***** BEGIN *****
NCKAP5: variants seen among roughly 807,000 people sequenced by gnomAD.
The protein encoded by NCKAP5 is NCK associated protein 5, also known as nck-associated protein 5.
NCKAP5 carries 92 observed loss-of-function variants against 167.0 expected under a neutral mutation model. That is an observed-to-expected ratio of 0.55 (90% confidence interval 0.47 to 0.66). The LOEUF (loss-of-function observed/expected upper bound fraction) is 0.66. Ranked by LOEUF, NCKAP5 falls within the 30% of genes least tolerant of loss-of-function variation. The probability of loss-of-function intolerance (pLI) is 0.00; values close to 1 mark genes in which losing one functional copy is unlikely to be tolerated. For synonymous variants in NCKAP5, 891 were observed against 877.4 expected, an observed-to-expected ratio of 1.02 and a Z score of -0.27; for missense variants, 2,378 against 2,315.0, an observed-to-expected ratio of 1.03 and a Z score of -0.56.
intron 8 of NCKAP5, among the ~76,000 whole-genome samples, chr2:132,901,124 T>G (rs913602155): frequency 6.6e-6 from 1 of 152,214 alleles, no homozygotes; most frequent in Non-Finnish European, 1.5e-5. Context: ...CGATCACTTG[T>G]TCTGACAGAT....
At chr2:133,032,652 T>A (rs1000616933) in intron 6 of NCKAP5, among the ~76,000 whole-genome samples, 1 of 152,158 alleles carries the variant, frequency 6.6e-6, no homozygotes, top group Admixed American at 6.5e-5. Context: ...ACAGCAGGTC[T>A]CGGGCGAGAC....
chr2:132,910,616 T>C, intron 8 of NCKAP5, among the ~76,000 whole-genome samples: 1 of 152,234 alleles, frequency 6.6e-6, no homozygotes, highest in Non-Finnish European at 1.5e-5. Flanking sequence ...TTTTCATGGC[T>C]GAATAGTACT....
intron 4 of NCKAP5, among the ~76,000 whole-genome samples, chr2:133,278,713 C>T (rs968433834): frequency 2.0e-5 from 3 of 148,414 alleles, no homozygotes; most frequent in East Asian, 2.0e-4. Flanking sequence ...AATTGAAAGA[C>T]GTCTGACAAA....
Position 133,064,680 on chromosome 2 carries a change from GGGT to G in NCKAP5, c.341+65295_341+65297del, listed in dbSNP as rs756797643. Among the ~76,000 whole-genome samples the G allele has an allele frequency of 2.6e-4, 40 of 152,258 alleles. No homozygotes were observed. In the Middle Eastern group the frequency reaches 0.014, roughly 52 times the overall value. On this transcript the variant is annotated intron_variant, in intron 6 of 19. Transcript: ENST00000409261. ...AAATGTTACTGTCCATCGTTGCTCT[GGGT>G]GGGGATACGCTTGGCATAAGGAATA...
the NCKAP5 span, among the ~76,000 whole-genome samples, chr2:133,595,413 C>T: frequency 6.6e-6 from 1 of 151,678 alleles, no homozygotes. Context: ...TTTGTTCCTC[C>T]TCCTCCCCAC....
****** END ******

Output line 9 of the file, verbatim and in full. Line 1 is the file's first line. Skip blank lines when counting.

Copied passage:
the NCKAP5 span, among the ~76,000 whole-genome samples, chr2:133,595,413 C>T: frequency 6.6e-6 from 1 of 151,678 alleles, no homozygotes. Context: ...TTTGTTCCTC[C>T]TCCTCCCCAC....